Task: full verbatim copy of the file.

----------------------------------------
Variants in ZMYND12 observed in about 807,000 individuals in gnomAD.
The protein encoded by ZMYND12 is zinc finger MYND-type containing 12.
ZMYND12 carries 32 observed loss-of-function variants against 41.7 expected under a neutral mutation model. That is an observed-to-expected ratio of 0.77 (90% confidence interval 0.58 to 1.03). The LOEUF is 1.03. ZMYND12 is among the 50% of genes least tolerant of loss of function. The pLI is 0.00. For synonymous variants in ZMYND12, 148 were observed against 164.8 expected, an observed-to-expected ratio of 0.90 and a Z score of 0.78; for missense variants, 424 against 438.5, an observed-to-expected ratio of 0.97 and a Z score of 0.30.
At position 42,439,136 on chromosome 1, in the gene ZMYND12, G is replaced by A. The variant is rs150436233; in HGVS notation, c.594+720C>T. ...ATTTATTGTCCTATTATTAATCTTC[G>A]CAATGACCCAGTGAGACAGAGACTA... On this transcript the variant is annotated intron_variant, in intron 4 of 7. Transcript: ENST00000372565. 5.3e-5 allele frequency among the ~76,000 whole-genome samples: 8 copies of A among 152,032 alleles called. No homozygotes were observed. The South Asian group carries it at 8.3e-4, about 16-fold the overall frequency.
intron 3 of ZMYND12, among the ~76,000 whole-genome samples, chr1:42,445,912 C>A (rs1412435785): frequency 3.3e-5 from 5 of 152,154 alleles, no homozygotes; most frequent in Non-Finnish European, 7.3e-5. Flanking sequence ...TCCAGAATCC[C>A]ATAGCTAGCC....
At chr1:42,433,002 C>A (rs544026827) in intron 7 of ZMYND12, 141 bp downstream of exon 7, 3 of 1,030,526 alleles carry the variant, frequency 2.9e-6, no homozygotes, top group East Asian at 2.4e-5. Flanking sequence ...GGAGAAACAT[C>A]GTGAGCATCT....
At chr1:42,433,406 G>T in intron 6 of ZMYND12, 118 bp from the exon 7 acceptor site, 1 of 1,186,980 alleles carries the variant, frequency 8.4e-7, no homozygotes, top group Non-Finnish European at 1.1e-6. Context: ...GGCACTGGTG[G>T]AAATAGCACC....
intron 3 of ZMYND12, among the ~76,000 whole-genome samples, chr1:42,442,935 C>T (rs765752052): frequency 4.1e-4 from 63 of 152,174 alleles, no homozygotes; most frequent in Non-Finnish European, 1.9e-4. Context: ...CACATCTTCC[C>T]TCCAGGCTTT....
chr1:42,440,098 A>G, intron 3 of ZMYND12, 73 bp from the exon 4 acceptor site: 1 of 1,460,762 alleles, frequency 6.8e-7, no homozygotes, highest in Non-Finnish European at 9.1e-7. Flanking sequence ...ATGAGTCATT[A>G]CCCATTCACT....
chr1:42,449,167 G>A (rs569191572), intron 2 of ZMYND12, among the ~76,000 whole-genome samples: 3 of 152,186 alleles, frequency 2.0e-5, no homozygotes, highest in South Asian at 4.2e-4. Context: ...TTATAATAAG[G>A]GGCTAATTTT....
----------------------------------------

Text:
Variants in ZMYND12 observed in about 807,000 individuals in gnomAD.
The protein encoded by ZMYND12 is zinc finger MYND-type containing 12.
ZMYND12 carries 32 observed loss-of-function variants against 41.7 expected under a neutral mutation model. That is an observed-to-expected ratio of 0.77 (90% confidence interval 0.58 to 1.03). The LOEUF is 1.03. ZMYND12 is among the 50% of genes least tolerant of loss of function. The pLI is 0.00. For synonymous variants in ZMYND12, 148 were observed against 164.8 expected, an observed-to-expected ratio of 0.90 and a Z score of 0.78; for missense variants, 424 against 438.5, an observed-to-expected ratio of 0.97 and a Z score of 0.30.
At position 42,439,136 on chromosome 1, in the gene ZMYND12, G is replaced by A. The variant is rs150436233; in HGVS notation, c.594+720C>T. ...ATTTATTGTCCTATTATTAATCTTC[G>A]CAATGACCCAGTGAGACAGAGACTA... On this transcript the variant is annotated intron_variant, in intron 4 of 7. Transcript: ENST00000372565. 5.3e-5 allele frequency among the ~76,000 whole-genome samples: 8 copies of A among 152,032 alleles called. No homozygotes were observed. The South Asian group carries it at 8.3e-4, about 16-fold the overall frequency.
intron 3 of ZMYND12, among the ~76,000 whole-genome samples, chr1:42,445,912 C>A (rs1412435785): frequency 3.3e-5 from 5 of 152,154 alleles, no homozygotes; most frequent in Non-Finnish European, 7.3e-5. Flanking sequence ...TCCAGAATCC[C>A]ATAGCTAGCC....
At chr1:42,433,002 C>A (rs544026827) in intron 7 of ZMYND12, 141 bp downstream of exon 7, 3 of 1,030,526 alleles carry the variant, frequency 2.9e-6, no homozygotes, top group East Asian at 2.4e-5. Flanking sequence ...GGAGAAACAT[C>A]GTGAGCATCT....
At chr1:42,433,406 G>T in intron 6 of ZMYND12, 118 bp from the exon 7 acceptor site, 1 of 1,186,980 alleles carries the variant, frequency 8.4e-7, no homozygotes, top group Non-Finnish European at 1.1e-6. Context: ...GGCACTGGTG[G>T]AAATAGCACC....
intron 3 of ZMYND12, among the ~76,000 whole-genome samples, chr1:42,442,935 C>T (rs765752052): frequency 4.1e-4 from 63 of 152,174 alleles, no homozygotes; most frequent in Non-Finnish European, 1.9e-4. Context: ...CACATCTTCC[C>T]TCCAGGCTTT....
chr1:42,440,098 A>G, intron 3 of ZMYND12, 73 bp from the exon 4 acceptor site: 1 of 1,460,762 alleles, frequency 6.8e-7, no homozygotes, highest in Non-Finnish European at 9.1e-7. Flanking sequence ...ATGAGTCATT[A>G]CCCATTCACT....
chr1:42,449,167 G>A (rs569191572), intron 2 of ZMYND12, among the ~76,000 whole-genome samples: 3 of 152,186 alleles, frequency 2.0e-5, no homozygotes, highest in South Asian at 4.2e-4. Context: ...TTATAATAAG[G>A]GGCTAATTTT....